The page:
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Full stops ‘intimidate young people’ say linguists
Pic: Shutterstock

26 Aug 2020 / technology Print

Full stops ‘intimidate young people’ say linguists

Full stops intimidate young people, as they seem angry, linguists have said.

Linguists believe that the brevity of social media messages has led younger people to do without punctuation.

The full stop’s purpose as an end-of-sentence signifier is fading as a result.

The use of a full stop now has a passive-aggressive nuance, and is interpreted as a sign of annoyance by young recipients, researchers believe.

Negative tone

Leiden University’s Dr Lauren Fonteyn said that young people interpret a full point as a falling intonation or negative tone.

She elaborates that sending a message itself signifies the end of the text, so there’s no need for a full stop to illustrate this.

Cambridge linguist Owen McArdle told the Daily Telegraph: “Full stops are, in my experience, very much the exception and not the norm in [young people’s] instant messages, and have a new role in signifying an abrupt or angry tone of voice.”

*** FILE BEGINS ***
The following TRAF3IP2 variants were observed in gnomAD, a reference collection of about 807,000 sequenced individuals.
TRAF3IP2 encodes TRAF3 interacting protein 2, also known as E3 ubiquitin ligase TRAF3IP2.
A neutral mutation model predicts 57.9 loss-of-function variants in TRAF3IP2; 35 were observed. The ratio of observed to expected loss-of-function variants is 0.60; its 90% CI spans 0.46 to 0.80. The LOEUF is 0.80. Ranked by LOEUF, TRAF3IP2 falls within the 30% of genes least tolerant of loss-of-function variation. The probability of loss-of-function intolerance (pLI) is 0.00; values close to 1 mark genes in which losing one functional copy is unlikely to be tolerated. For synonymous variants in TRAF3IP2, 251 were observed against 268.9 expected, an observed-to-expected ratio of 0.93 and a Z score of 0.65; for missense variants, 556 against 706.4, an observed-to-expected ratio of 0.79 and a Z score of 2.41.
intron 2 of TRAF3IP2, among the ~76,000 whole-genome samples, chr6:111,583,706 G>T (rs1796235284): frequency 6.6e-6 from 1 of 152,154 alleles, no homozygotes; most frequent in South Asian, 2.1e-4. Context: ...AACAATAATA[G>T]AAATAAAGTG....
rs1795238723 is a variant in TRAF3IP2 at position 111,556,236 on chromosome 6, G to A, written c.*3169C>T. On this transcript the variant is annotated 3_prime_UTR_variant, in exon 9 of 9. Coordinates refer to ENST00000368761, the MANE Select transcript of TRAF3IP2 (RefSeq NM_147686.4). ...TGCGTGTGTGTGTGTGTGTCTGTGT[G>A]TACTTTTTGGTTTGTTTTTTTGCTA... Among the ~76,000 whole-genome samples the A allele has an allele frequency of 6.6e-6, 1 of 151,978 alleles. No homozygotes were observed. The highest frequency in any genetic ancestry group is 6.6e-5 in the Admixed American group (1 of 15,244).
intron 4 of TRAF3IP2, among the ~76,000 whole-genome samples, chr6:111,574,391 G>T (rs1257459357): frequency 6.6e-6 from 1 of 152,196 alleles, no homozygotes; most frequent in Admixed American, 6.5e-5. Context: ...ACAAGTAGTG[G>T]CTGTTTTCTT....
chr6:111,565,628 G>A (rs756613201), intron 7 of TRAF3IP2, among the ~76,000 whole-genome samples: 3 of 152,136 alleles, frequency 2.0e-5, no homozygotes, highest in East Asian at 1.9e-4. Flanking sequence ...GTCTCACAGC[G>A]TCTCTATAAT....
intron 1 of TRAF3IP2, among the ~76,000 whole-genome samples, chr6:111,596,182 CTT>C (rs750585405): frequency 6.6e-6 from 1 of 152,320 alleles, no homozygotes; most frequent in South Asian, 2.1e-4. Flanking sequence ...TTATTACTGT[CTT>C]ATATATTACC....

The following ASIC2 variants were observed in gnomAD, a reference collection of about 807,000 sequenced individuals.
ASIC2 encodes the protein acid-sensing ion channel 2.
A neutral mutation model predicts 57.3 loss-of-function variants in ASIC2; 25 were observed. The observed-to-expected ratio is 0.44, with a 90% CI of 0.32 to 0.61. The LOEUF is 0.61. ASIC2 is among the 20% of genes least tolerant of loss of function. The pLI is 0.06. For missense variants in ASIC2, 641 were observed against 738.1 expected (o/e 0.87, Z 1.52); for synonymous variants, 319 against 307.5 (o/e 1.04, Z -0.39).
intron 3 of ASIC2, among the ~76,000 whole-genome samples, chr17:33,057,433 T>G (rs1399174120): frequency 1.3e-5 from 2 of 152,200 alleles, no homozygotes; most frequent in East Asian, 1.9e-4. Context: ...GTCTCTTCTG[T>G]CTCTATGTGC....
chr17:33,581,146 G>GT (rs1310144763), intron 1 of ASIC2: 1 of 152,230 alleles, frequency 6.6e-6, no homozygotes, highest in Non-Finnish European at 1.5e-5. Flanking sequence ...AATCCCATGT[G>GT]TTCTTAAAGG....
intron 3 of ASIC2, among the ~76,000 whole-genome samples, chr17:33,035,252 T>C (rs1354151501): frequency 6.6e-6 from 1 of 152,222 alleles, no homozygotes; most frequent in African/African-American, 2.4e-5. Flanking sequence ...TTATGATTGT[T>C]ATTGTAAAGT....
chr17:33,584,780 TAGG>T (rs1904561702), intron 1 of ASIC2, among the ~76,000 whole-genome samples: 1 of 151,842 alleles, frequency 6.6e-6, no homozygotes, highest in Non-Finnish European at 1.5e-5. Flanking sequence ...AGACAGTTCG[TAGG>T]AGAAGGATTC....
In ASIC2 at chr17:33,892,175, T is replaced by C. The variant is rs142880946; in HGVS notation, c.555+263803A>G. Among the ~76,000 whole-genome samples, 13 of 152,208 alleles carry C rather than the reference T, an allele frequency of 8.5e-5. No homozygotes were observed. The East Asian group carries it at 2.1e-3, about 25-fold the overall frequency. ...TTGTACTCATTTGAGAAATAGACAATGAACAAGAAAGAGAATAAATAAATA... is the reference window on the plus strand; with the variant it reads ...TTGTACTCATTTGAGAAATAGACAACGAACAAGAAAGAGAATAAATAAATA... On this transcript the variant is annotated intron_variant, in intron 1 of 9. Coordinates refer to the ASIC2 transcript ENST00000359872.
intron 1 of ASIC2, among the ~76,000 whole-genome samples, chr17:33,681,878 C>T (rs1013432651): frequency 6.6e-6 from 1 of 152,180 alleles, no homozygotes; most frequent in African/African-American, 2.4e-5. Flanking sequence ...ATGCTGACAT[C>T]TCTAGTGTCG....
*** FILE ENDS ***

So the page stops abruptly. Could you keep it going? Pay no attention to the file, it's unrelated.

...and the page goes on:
Linguist Professor David Crystal has said that the usage of full stops is being ‘revised in a really fundamental way.’

In his book, Making A Point, he writes: ‘You look at the internet or any instant messaging exchange – anything that is a fast dialogue taking place. People simply do not put full stops in, unless they want to make a point.’

Annoyance

Professor Crystal said that the use of a full stop is now an ‘emotion marker’ signifying anger or annoyance.

In a 2015 study of students, it emerged that using full stops is perceived as a mark of insincerity.

And 2015 research at New York's Binghamton University found that exclamation marks served the opposite purpose and could even make their senders seem sincere and engaged!

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